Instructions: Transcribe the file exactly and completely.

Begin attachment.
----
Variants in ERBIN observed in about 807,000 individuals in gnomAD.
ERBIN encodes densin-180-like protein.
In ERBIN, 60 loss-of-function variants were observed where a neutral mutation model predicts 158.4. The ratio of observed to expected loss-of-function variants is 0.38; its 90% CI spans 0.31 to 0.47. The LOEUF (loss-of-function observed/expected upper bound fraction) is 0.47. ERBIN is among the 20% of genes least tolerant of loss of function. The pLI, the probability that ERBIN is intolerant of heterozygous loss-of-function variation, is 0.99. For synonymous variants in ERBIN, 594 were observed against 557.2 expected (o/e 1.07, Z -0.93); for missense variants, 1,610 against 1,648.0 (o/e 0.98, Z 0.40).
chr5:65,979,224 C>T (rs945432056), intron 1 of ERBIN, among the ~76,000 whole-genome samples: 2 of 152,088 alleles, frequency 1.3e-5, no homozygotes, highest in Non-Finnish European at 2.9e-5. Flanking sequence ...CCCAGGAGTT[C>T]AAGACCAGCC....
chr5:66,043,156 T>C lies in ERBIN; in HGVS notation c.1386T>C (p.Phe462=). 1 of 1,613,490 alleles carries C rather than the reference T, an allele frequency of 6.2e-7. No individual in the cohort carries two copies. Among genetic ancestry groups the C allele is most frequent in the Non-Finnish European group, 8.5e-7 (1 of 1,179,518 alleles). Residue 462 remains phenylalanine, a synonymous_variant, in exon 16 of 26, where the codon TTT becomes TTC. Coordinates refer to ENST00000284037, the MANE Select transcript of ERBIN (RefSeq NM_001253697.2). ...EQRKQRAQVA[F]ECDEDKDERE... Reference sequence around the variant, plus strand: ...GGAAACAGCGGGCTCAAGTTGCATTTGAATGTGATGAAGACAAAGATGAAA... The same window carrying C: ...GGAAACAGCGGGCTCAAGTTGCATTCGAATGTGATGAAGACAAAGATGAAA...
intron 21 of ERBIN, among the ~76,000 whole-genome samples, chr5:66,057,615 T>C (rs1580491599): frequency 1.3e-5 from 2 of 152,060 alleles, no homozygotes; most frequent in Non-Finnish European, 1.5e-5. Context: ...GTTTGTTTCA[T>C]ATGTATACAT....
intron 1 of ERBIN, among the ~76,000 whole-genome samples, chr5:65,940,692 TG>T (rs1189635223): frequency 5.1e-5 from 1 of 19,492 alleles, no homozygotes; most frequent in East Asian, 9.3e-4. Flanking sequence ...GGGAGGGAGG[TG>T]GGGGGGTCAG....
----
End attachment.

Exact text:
Variants in ERBIN observed in about 807,000 individuals in gnomAD.
ERBIN encodes densin-180-like protein.
In ERBIN, 60 loss-of-function variants were observed where a neutral mutation model predicts 158.4. The ratio of observed to expected loss-of-function variants is 0.38; its 90% CI spans 0.31 to 0.47. The LOEUF (loss-of-function observed/expected upper bound fraction) is 0.47. ERBIN is among the 20% of genes least tolerant of loss of function. The pLI, the probability that ERBIN is intolerant of heterozygous loss-of-function variation, is 0.99. For synonymous variants in ERBIN, 594 were observed against 557.2 expected (o/e 1.07, Z -0.93); for missense variants, 1,610 against 1,648.0 (o/e 0.98, Z 0.40).
chr5:65,979,224 C>T (rs945432056), intron 1 of ERBIN, among the ~76,000 whole-genome samples: 2 of 152,088 alleles, frequency 1.3e-5, no homozygotes, highest in Non-Finnish European at 2.9e-5. Flanking sequence ...CCCAGGAGTT[C>T]AAGACCAGCC....
chr5:66,043,156 T>C lies in ERBIN; in HGVS notation c.1386T>C (p.Phe462=). 1 of 1,613,490 alleles carries C rather than the reference T, an allele frequency of 6.2e-7. No individual in the cohort carries two copies. Among genetic ancestry groups the C allele is most frequent in the Non-Finnish European group, 8.5e-7 (1 of 1,179,518 alleles). Residue 462 remains phenylalanine, a synonymous_variant, in exon 16 of 26, where the codon TTT becomes TTC. Coordinates refer to ENST00000284037, the MANE Select transcript of ERBIN (RefSeq NM_001253697.2). ...EQRKQRAQVA[F]ECDEDKDERE... Reference sequence around the variant, plus strand: ...GGAAACAGCGGGCTCAAGTTGCATTTGAATGTGATGAAGACAAAGATGAAA... The same window carrying C: ...GGAAACAGCGGGCTCAAGTTGCATTCGAATGTGATGAAGACAAAGATGAAA...
intron 21 of ERBIN, among the ~76,000 whole-genome samples, chr5:66,057,615 T>C (rs1580491599): frequency 1.3e-5 from 2 of 152,060 alleles, no homozygotes; most frequent in Non-Finnish European, 1.5e-5. Context: ...GTTTGTTTCA[T>C]ATGTATACAT....
intron 1 of ERBIN, among the ~76,000 whole-genome samples, chr5:65,940,692 TG>T (rs1189635223): frequency 5.1e-5 from 1 of 19,492 alleles, no homozygotes; most frequent in East Asian, 9.3e-4. Flanking sequence ...GGGAGGGAGG[TG>T]GGGGGGTCAG....